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Manufacturing Wage Premiums Have Diverged between Production and Nonproduction Workers

A manufacturing wage premium is the average percentage difference between the wage a worker earns in manufacturing and the wage similar workers earn in industries other than manufacturing. Using standard wage regressions, we find that, between 1979 and 2018, the manufacturing wage premium declined much more for production workers (such as machine operators) than for nonproduction workers (such as managers or administrative assistants). As a result, the production-workers’ wage premium was 4 percent during 2015 to 2018, while the nonproduction-workers’ wage premium was 14 percent. The ...
Cleveland Fed Regional Policy Report , Issue 20211109 , Pages 26

Working Paper
Container Trade and the U.S. Recovery

Since the 1970s, exports and imports of manufactured goods have been the engine of international trade and much of that trade relies on container shipping. This paper introduces a new monthly index of the volume of container trade to and from North America. Incorporating this index into a structural macroeconomic VAR model facilitates the identification of shocks to domestic U.S. demand as well as foreign demand for U.S. manufactured goods. We show that, unlike in the Great Recession, the primary determinant of the U.S. economic contraction in early 2020 was a sharp drop in domestic demand. ...
Working Papers , Paper 2108

Mexico seeks to solidify rank as top U.S. trade partner, push further past China

Mexico's emergence followed fractious U.S. relations with China, which had moved past Canada to claim the top trading spot in 2014. The dynamic changed in 2018 when the U.S. imposed tariffs on China’s goods and with subsequent pandemic-era supply-chain disruptions that altered international trade and investment flows worldwide.
Dallas Fed Economics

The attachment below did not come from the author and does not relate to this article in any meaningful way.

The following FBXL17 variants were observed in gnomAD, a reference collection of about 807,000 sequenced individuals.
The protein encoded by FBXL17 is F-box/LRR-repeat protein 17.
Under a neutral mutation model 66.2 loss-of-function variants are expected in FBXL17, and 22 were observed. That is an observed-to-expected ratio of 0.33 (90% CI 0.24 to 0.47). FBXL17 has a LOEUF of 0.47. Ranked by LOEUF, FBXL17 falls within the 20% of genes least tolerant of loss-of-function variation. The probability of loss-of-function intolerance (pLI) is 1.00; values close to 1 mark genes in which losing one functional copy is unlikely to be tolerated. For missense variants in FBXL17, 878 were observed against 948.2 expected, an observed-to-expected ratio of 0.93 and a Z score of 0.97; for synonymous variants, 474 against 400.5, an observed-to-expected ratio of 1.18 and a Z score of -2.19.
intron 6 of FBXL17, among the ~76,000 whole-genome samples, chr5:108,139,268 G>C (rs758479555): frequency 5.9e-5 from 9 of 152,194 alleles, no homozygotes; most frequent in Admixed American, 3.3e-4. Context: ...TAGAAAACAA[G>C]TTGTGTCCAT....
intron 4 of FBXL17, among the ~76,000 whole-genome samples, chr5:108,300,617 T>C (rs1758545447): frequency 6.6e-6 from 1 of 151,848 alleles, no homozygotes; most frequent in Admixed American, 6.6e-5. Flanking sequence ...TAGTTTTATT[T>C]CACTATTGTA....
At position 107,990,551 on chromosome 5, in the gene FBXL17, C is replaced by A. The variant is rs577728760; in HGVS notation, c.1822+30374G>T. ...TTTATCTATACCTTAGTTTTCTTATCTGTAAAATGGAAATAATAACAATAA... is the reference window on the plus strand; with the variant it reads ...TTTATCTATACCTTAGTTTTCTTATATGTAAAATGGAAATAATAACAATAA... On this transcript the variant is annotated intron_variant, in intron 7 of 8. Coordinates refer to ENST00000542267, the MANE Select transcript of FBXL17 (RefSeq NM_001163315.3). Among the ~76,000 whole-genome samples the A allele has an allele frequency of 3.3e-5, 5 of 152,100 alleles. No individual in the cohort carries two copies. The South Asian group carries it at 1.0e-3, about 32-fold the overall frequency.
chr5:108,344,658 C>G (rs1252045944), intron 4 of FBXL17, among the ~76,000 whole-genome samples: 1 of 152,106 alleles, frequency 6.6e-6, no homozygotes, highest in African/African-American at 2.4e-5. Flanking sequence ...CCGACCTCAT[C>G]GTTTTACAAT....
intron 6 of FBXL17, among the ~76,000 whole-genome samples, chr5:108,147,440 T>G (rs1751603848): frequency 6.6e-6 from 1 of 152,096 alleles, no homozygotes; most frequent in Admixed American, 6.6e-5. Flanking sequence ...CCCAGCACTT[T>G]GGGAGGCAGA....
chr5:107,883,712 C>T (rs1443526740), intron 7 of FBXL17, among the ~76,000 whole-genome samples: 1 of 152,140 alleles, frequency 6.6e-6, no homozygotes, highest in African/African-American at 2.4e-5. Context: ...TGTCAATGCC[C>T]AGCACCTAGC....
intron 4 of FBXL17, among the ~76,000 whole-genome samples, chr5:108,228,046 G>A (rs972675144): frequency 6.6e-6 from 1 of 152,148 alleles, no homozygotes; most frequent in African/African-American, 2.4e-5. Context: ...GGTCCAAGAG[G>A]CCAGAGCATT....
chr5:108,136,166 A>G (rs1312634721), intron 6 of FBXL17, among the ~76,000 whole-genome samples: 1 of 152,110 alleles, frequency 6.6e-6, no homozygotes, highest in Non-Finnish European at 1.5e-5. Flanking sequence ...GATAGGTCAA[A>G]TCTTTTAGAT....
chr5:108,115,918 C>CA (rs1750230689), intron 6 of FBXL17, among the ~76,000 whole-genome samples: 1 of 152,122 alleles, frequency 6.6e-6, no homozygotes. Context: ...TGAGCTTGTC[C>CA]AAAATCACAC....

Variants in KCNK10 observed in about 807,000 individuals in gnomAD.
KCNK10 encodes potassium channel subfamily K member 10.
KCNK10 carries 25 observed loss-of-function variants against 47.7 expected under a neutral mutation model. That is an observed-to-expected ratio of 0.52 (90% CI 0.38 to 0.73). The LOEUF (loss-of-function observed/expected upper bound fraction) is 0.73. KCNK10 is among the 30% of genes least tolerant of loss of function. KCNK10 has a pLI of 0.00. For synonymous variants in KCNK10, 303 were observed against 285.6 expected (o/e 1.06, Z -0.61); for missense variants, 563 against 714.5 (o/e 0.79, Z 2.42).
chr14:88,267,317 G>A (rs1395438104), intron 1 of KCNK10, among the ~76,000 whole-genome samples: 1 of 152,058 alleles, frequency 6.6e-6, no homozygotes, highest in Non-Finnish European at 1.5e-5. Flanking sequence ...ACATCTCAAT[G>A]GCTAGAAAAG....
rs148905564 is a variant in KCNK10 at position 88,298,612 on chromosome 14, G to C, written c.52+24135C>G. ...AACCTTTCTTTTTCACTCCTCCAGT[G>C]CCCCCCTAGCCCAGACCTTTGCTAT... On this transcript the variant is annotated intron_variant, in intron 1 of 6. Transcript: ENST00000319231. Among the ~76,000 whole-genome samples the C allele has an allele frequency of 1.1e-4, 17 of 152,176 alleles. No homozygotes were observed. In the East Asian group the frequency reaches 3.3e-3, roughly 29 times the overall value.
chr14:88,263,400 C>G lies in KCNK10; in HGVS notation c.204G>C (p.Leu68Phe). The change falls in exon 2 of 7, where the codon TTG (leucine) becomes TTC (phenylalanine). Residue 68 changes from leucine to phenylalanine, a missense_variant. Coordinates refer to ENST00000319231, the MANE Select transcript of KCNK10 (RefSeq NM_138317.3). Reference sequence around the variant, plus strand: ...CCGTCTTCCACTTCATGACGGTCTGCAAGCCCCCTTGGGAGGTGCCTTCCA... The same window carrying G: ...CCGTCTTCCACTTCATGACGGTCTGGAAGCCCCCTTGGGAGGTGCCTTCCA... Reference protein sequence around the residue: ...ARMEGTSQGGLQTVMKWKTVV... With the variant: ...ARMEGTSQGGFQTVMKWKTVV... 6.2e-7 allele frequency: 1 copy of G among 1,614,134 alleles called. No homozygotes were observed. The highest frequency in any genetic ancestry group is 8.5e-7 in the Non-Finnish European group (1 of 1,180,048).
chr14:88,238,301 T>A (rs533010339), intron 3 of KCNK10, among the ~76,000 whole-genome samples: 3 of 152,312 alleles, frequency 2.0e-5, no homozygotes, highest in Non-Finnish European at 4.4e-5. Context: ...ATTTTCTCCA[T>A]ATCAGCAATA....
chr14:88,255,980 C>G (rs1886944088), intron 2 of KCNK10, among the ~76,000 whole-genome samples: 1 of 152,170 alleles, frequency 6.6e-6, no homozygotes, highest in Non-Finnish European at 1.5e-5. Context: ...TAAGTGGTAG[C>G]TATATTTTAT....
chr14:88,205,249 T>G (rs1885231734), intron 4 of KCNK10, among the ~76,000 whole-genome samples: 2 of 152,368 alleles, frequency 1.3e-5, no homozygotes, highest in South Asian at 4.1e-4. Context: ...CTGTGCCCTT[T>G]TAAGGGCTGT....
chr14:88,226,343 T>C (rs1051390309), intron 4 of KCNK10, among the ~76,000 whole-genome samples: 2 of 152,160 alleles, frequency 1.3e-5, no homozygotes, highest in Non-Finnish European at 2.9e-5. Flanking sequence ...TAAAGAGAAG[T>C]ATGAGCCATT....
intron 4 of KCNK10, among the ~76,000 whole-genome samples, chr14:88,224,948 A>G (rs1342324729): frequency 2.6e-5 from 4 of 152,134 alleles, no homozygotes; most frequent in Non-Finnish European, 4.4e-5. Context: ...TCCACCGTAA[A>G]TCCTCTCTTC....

Immigrant Workers and U.S. Trade Activity

States with higher shares of immigrant workers in the manufacturing sector are more likely to trade more in manufactured goods.
On the Economy

Journal Article
Tariffs and Trade Disputes

Cover Story of article on "Tariffs and Trade Disputes: How are recent moves affecting businesses in the Fifth District?"
Econ Focus , Issue 2Q , Pages 10-13

Discussion Paper
Signs of a Slowdown? Evidence From Our October Business Surveys

After a few months of upward movement in the headline indexes of our business surveys, results took a downward turn in October. This was especially true in the service sector, where both current and expected activity deteriorated noticeably. However, despite what may be evidence of a shift to a slower pace of demand, firms on balance appear to be holding steady on hiring plans, at least for the near term.
Regional Matters

Discussion Paper
The (Modest) Rebound in Manufacturing Jobs

The United States lost 5.7 million manufacturing jobs between 2000 and 2010, reducing the nation?s manufacturing employment base by nearly a third. These job losses and their causes have been well documented in the popular press and in academic circles. Less well recognized is the modest yet significant rebound in manufacturing jobs that has been underway for several years. Indeed, employment in the manufacturing industry began to stabilize in 2010, and the nation has added nearly 1 million jobs since then. Although modest in magnitude, this uptick in manufacturing jobs represents the longest ...
Liberty Street Economics , Paper 20190204

Journal Article
What’s Gone Wrong (and Right) in the Industrial Heartland?

The historically Midwestern manufacturing region, sometimes referred to as the ?Rust Belt,? faced another challenging period after 2000 when manufacturing employment declined by 1.2 million jobs. This Commentary investigates the relative economic performance of this region versus other US metropolitan areas during and following these job losses. The analysis shows that while unemployment rates have recovered in the metro areas of the industrial heartland, other economic indicators lag behind the manufacturing-intensive metro areas outside of the region.
Economic Commentary , Issue September

Journal Article
Manufacturing or Degree-Intensive Labor Markets: Where Do the Children of Non-College Graduates Earn More Degrees?

Manufacturing employment has declined since the 1970s, while the number of jobs requiring a college degree has risen. The shift has reshaped the environment in which many young people grow up and pursue their educations, potentially affecting the level of education they attain. This analysis uses the National Longitudinal Surveys of Youth to investigate the relationship between industrial composition and the educational attainment of children whose parents have only a high school education or less. The results show that the educational attainment of these youths is correlated with their ...
Economic Commentary , Volume 2016 , Issue 12 , Pages 6

Journal Article
The “Philly Fed Index” Turns 50 with Steadfast Success

What is so telling about the Philadelphia Fed?s monthly manufacturing index? Explore why financial analysts, economists, and the press monitor it closely for clues about the overall U.S. economy.
Economic Insights , Volume 3 , Issue 4 , Pages 8-21


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